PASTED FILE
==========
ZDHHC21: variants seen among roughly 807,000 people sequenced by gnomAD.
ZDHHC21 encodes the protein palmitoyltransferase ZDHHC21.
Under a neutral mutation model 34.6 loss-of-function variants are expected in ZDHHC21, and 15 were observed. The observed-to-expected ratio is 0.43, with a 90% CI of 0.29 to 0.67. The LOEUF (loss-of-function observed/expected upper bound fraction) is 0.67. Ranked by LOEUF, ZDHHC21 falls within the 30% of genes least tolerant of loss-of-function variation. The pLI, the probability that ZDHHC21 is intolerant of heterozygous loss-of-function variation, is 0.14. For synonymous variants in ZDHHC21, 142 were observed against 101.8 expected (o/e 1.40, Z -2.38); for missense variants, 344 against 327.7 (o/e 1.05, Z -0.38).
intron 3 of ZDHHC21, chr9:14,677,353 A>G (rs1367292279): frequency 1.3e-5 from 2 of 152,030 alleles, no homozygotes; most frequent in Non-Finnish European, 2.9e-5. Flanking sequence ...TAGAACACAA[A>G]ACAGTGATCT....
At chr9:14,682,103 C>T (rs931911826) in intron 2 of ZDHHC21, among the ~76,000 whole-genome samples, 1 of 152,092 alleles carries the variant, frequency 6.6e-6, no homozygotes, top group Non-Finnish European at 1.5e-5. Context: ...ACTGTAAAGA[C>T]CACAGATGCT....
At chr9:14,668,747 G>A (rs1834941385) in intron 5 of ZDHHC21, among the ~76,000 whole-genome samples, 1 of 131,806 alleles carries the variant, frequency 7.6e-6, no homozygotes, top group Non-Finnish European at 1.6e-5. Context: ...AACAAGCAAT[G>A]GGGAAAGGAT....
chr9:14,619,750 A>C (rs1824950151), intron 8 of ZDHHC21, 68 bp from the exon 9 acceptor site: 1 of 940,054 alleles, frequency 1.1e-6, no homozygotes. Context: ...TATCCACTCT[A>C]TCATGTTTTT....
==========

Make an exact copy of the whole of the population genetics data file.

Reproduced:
ZDHHC21: variants seen among roughly 807,000 people sequenced by gnomAD.
ZDHHC21 encodes the protein palmitoyltransferase ZDHHC21.
Under a neutral mutation model 34.6 loss-of-function variants are expected in ZDHHC21, and 15 were observed. The observed-to-expected ratio is 0.43, with a 90% CI of 0.29 to 0.67. The LOEUF (loss-of-function observed/expected upper bound fraction) is 0.67. Ranked by LOEUF, ZDHHC21 falls within the 30% of genes least tolerant of loss-of-function variation. The pLI, the probability that ZDHHC21 is intolerant of heterozygous loss-of-function variation, is 0.14. For synonymous variants in ZDHHC21, 142 were observed against 101.8 expected (o/e 1.40, Z -2.38); for missense variants, 344 against 327.7 (o/e 1.05, Z -0.38).
intron 3 of ZDHHC21, chr9:14,677,353 A>G (rs1367292279): frequency 1.3e-5 from 2 of 152,030 alleles, no homozygotes; most frequent in Non-Finnish European, 2.9e-5. Flanking sequence ...TAGAACACAA[A>G]ACAGTGATCT....
At chr9:14,682,103 C>T (rs931911826) in intron 2 of ZDHHC21, among the ~76,000 whole-genome samples, 1 of 152,092 alleles carries the variant, frequency 6.6e-6, no homozygotes, top group Non-Finnish European at 1.5e-5. Context: ...ACTGTAAAGA[C>T]CACAGATGCT....
At chr9:14,668,747 G>A (rs1834941385) in intron 5 of ZDHHC21, among the ~76,000 whole-genome samples, 1 of 131,806 alleles carries the variant, frequency 7.6e-6, no homozygotes, top group Non-Finnish European at 1.6e-5. Context: ...AACAAGCAAT[G>A]GGGAAAGGAT....
chr9:14,619,750 A>C (rs1824950151), intron 8 of ZDHHC21, 68 bp from the exon 9 acceptor site: 1 of 940,054 alleles, frequency 1.1e-6, no homozygotes. Context: ...TATCCACTCT[A>C]TCATGTTTTT....